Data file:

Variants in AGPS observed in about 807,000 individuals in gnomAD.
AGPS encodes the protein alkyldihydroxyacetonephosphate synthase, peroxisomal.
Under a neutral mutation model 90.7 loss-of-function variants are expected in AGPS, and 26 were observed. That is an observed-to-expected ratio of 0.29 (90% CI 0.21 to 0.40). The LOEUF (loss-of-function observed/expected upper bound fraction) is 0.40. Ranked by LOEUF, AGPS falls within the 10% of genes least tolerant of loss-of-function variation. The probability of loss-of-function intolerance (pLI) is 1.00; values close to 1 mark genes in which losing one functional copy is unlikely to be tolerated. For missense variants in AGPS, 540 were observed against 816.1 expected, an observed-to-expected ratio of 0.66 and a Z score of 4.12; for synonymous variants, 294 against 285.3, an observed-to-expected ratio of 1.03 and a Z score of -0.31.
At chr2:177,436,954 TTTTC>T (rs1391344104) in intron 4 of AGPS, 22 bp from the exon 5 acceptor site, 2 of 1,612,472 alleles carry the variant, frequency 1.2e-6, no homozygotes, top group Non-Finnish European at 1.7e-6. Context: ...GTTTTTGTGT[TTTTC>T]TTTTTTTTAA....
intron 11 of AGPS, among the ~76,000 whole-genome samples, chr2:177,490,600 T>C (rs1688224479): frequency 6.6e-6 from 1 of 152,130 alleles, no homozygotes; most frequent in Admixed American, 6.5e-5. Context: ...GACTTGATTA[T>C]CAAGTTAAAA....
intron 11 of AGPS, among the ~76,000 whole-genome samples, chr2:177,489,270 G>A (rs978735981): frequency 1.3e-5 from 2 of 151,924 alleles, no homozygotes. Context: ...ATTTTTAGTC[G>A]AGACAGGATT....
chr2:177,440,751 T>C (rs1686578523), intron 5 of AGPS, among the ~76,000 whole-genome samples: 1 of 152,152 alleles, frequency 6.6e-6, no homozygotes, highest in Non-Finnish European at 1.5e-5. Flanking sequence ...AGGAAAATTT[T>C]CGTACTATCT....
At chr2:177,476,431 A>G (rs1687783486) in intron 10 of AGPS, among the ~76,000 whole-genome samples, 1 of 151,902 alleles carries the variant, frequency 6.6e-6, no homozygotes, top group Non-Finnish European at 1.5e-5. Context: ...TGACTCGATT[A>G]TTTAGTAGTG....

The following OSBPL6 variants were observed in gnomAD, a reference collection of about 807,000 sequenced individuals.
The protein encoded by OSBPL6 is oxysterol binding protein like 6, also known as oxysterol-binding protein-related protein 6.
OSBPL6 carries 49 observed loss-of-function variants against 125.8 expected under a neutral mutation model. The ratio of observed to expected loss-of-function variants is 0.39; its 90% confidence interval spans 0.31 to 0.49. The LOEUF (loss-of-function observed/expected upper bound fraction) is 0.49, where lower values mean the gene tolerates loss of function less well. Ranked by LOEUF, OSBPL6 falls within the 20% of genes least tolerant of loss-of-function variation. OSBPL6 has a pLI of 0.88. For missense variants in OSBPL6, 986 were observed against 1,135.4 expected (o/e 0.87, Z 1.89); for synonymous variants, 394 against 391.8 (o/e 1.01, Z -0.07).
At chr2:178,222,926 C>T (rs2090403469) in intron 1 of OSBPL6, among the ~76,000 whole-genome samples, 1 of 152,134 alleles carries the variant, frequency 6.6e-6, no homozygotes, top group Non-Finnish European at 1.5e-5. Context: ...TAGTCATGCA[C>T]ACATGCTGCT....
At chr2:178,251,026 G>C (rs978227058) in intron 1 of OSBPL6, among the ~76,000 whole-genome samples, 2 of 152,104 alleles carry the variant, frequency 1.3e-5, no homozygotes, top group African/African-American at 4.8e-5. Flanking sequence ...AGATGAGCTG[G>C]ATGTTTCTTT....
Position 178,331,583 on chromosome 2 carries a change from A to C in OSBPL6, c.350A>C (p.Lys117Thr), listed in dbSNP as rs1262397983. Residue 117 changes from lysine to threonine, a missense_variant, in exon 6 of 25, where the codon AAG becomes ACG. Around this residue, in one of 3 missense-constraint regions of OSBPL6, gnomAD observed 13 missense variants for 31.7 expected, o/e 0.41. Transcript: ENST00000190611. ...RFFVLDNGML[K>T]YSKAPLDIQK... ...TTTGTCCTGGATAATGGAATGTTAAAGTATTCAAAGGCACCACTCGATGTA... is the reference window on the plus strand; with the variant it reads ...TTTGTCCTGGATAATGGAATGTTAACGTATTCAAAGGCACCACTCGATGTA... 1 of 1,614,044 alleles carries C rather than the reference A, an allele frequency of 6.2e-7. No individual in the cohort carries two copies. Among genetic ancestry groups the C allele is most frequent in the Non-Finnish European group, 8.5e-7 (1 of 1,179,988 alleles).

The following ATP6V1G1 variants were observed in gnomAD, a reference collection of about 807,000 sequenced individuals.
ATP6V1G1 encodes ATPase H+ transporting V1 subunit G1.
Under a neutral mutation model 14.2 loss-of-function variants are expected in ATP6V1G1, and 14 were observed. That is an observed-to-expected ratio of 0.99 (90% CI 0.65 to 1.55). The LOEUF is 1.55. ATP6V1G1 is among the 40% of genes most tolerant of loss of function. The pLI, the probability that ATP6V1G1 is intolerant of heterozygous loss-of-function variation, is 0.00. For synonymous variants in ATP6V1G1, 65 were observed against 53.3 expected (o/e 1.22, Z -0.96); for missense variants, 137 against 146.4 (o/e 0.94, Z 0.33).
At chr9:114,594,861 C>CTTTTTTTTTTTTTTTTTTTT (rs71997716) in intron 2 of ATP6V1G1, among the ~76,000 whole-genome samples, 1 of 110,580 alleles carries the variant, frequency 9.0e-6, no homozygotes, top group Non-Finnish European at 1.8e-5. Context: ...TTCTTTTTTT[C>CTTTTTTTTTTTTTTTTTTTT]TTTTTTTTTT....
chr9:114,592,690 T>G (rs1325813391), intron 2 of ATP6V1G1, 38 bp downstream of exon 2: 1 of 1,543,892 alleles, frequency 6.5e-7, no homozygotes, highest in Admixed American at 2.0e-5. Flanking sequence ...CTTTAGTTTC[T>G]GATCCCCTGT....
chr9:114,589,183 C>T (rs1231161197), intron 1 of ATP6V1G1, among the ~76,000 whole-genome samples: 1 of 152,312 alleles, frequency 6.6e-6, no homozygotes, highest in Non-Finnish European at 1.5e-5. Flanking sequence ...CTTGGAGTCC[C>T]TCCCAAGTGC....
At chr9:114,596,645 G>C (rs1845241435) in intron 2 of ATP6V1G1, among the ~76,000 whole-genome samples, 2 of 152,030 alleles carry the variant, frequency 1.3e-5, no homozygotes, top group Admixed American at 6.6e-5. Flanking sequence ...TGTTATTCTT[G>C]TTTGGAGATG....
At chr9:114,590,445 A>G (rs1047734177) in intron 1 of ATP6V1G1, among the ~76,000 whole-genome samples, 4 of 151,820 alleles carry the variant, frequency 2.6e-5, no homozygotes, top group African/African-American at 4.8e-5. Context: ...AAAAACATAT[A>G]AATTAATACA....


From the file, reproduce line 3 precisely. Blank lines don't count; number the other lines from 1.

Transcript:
Under a neutral mutation model 90.7 loss-of-function variants are expected in AGPS, and 26 were observed. That is an observed-to-expected ratio of 0.29 (90% CI 0.21 to 0.40). The LOEUF (loss-of-function observed/expected upper bound fraction) is 0.40. Ranked by LOEUF, AGPS falls within the 10% of genes least tolerant of loss-of-function variation. The probability of loss-of-function intolerance (pLI) is 1.00; values close to 1 mark genes in which losing one functional copy is unlikely to be tolerated. For missense variants in AGPS, 540 were observed against 816.1 expected, an observed-to-expected ratio of 0.66 and a Z score of 4.12; for synonymous variants, 294 against 285.3, an observed-to-expected ratio of 1.03 and a Z score of -0.31.